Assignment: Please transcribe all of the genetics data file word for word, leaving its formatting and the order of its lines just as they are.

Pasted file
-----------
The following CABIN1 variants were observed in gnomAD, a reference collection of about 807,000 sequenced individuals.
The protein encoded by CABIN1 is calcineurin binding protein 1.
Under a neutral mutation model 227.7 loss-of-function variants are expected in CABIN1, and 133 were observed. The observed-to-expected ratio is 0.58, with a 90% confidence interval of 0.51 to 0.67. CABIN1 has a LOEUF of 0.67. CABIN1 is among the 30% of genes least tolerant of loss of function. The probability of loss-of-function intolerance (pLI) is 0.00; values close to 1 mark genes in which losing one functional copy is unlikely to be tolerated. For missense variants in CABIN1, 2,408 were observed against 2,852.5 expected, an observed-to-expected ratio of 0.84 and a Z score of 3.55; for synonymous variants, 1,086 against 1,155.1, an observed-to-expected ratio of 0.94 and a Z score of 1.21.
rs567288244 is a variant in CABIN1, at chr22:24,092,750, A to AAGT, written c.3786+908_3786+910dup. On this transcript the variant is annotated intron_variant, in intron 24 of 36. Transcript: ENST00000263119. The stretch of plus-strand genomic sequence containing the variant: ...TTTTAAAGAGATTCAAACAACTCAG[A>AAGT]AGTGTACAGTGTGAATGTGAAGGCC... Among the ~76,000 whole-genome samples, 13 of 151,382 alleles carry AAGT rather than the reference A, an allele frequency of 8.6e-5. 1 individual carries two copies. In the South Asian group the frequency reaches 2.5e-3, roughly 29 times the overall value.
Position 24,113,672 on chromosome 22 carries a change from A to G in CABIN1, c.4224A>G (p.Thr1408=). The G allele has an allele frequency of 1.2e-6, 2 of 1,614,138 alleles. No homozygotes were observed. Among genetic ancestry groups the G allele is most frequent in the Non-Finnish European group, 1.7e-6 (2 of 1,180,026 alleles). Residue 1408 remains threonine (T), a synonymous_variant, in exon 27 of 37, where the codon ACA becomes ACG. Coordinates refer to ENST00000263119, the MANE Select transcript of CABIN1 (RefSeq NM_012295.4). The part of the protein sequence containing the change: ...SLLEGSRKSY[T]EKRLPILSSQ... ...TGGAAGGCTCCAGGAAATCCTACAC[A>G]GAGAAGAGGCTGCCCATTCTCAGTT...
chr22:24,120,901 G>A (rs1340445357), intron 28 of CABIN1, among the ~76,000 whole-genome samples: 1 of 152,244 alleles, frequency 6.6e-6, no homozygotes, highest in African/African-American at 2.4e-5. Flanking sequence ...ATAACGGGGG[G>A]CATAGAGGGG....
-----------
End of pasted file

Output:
The following CABIN1 variants were observed in gnomAD, a reference collection of about 807,000 sequenced individuals.
The protein encoded by CABIN1 is calcineurin binding protein 1.
Under a neutral mutation model 227.7 loss-of-function variants are expected in CABIN1, and 133 were observed. The observed-to-expected ratio is 0.58, with a 90% confidence interval of 0.51 to 0.67. CABIN1 has a LOEUF of 0.67. CABIN1 is among the 30% of genes least tolerant of loss of function. The probability of loss-of-function intolerance (pLI) is 0.00; values close to 1 mark genes in which losing one functional copy is unlikely to be tolerated. For missense variants in CABIN1, 2,408 were observed against 2,852.5 expected, an observed-to-expected ratio of 0.84 and a Z score of 3.55; for synonymous variants, 1,086 against 1,155.1, an observed-to-expected ratio of 0.94 and a Z score of 1.21.
rs567288244 is a variant in CABIN1, at chr22:24,092,750, A to AAGT, written c.3786+908_3786+910dup. On this transcript the variant is annotated intron_variant, in intron 24 of 36. Transcript: ENST00000263119. The stretch of plus-strand genomic sequence containing the variant: ...TTTTAAAGAGATTCAAACAACTCAG[A>AAGT]AGTGTACAGTGTGAATGTGAAGGCC... Among the ~76,000 whole-genome samples, 13 of 151,382 alleles carry AAGT rather than the reference A, an allele frequency of 8.6e-5. 1 individual carries two copies. In the South Asian group the frequency reaches 2.5e-3, roughly 29 times the overall value.
Position 24,113,672 on chromosome 22 carries a change from A to G in CABIN1, c.4224A>G (p.Thr1408=). The G allele has an allele frequency of 1.2e-6, 2 of 1,614,138 alleles. No homozygotes were observed. Among genetic ancestry groups the G allele is most frequent in the Non-Finnish European group, 1.7e-6 (2 of 1,180,026 alleles). Residue 1408 remains threonine (T), a synonymous_variant, in exon 27 of 37, where the codon ACA becomes ACG. Coordinates refer to ENST00000263119, the MANE Select transcript of CABIN1 (RefSeq NM_012295.4). The part of the protein sequence containing the change: ...SLLEGSRKSY[T]EKRLPILSSQ... ...TGGAAGGCTCCAGGAAATCCTACAC[A>G]GAGAAGAGGCTGCCCATTCTCAGTT...
chr22:24,120,901 G>A (rs1340445357), intron 28 of CABIN1, among the ~76,000 whole-genome samples: 1 of 152,244 alleles, frequency 6.6e-6, no homozygotes, highest in African/African-American at 2.4e-5. Flanking sequence ...ATAACGGGGG[G>A]CATAGAGGGG....